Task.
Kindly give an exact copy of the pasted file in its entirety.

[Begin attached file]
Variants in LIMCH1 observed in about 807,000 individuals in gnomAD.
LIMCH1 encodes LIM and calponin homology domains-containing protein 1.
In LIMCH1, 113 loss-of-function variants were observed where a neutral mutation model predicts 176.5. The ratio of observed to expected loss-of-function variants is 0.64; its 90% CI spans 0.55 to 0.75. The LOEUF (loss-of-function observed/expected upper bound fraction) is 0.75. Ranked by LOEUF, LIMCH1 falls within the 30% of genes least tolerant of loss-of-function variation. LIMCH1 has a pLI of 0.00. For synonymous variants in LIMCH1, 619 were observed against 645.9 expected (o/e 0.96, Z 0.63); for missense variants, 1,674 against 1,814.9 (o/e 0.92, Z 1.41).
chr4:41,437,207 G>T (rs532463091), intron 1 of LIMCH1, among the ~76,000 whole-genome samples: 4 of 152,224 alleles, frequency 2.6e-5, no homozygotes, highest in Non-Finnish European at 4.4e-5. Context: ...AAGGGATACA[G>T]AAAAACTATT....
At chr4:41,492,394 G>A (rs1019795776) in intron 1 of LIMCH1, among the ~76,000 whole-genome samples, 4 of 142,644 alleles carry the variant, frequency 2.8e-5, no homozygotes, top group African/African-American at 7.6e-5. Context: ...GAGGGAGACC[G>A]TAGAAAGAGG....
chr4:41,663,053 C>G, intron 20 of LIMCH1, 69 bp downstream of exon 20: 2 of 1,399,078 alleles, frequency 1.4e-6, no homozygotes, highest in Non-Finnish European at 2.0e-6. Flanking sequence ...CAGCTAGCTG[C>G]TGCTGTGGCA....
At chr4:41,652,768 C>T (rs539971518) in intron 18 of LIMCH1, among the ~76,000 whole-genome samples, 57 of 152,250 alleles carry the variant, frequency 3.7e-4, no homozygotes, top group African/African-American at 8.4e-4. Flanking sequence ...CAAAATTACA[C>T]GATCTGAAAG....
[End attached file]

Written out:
Variants in LIMCH1 observed in about 807,000 individuals in gnomAD.
LIMCH1 encodes LIM and calponin homology domains-containing protein 1.
In LIMCH1, 113 loss-of-function variants were observed where a neutral mutation model predicts 176.5. The ratio of observed to expected loss-of-function variants is 0.64; its 90% CI spans 0.55 to 0.75. The LOEUF (loss-of-function observed/expected upper bound fraction) is 0.75. Ranked by LOEUF, LIMCH1 falls within the 30% of genes least tolerant of loss-of-function variation. LIMCH1 has a pLI of 0.00. For synonymous variants in LIMCH1, 619 were observed against 645.9 expected (o/e 0.96, Z 0.63); for missense variants, 1,674 against 1,814.9 (o/e 0.92, Z 1.41).
chr4:41,437,207 G>T (rs532463091), intron 1 of LIMCH1, among the ~76,000 whole-genome samples: 4 of 152,224 alleles, frequency 2.6e-5, no homozygotes, highest in Non-Finnish European at 4.4e-5. Context: ...AAGGGATACA[G>T]AAAAACTATT....
At chr4:41,492,394 G>A (rs1019795776) in intron 1 of LIMCH1, among the ~76,000 whole-genome samples, 4 of 142,644 alleles carry the variant, frequency 2.8e-5, no homozygotes, top group African/African-American at 7.6e-5. Context: ...GAGGGAGACC[G>A]TAGAAAGAGG....
chr4:41,663,053 C>G, intron 20 of LIMCH1, 69 bp downstream of exon 20: 2 of 1,399,078 alleles, frequency 1.4e-6, no homozygotes, highest in Non-Finnish European at 2.0e-6. Flanking sequence ...CAGCTAGCTG[C>G]TGCTGTGGCA....
At chr4:41,652,768 C>T (rs539971518) in intron 18 of LIMCH1, among the ~76,000 whole-genome samples, 57 of 152,250 alleles carry the variant, frequency 3.7e-4, no homozygotes, top group African/African-American at 8.4e-4. Flanking sequence ...CAAAATTACA[C>T]GATCTGAAAG....